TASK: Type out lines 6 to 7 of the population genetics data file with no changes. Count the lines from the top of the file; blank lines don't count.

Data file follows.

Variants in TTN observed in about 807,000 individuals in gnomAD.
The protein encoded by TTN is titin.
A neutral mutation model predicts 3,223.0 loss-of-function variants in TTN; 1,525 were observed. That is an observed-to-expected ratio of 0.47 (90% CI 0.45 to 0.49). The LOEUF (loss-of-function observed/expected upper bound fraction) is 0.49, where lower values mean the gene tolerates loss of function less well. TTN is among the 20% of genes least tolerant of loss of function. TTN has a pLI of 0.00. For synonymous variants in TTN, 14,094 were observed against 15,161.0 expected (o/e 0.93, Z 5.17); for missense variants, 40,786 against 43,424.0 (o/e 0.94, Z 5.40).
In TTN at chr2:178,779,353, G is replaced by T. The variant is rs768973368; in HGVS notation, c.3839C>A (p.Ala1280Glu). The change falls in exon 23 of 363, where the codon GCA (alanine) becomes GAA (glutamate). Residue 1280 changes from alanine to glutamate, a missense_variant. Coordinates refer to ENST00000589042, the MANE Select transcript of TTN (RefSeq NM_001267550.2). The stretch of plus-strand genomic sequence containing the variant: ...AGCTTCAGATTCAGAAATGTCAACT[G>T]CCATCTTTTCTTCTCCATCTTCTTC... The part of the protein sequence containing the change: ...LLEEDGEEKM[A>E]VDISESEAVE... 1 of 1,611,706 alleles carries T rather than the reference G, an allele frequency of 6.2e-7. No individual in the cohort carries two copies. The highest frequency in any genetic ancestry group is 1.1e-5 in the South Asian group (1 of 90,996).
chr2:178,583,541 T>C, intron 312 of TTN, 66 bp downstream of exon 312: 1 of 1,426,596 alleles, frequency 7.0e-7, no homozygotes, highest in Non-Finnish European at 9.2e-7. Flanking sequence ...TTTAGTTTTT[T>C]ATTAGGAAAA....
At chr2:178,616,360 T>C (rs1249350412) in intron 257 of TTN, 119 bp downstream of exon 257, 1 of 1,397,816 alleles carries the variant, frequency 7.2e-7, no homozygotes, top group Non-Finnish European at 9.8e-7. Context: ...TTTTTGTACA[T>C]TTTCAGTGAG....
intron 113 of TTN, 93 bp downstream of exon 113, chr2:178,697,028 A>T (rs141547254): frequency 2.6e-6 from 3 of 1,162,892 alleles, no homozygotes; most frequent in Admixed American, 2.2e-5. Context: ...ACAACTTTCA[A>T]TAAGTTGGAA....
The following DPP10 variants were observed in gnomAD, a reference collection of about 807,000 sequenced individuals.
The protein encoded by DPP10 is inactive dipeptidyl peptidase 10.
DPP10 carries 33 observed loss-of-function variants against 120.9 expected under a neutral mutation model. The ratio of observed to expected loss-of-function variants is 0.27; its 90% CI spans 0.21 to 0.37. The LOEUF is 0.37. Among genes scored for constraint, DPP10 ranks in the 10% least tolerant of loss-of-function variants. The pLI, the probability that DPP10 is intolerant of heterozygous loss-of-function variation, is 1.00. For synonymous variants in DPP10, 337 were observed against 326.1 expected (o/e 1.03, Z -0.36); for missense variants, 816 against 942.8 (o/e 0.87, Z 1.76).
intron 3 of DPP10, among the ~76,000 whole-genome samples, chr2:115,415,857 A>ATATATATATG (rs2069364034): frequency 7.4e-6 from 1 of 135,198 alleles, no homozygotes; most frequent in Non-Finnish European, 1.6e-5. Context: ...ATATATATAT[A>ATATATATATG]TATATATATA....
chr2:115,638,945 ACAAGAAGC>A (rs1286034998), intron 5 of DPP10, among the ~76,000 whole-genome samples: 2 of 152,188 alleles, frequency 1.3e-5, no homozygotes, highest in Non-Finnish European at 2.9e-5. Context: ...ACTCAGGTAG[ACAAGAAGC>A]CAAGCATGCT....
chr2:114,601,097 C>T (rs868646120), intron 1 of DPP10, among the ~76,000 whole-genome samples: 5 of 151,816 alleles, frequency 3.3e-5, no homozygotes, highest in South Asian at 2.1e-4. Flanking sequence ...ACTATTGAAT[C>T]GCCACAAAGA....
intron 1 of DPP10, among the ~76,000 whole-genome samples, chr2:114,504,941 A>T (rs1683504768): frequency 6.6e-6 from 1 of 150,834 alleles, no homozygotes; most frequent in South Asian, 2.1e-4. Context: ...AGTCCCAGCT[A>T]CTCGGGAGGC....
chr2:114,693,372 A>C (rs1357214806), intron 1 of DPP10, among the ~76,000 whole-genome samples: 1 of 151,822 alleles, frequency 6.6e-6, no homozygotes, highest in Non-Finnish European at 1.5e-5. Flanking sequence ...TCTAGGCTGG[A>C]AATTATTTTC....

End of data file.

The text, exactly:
At chr2:178,616,360 T>C (rs1249350412) in intron 257 of TTN, 119 bp downstream of exon 257, 1 of 1,397,816 alleles carries the variant, frequency 7.2e-7, no homozygotes, top group Non-Finnish European at 9.8e-7. Context: ...TTTTTGTACA[T>C]TTTCAGTGAG....
intron 113 of TTN, 93 bp downstream of exon 113, chr2:178,697,028 A>T (rs141547254): frequency 2.6e-6 from 3 of 1,162,892 alleles, no homozygotes; most frequent in Admixed American, 2.2e-5. Context: ...ACAACTTTCA[A>T]TAAGTTGGAA....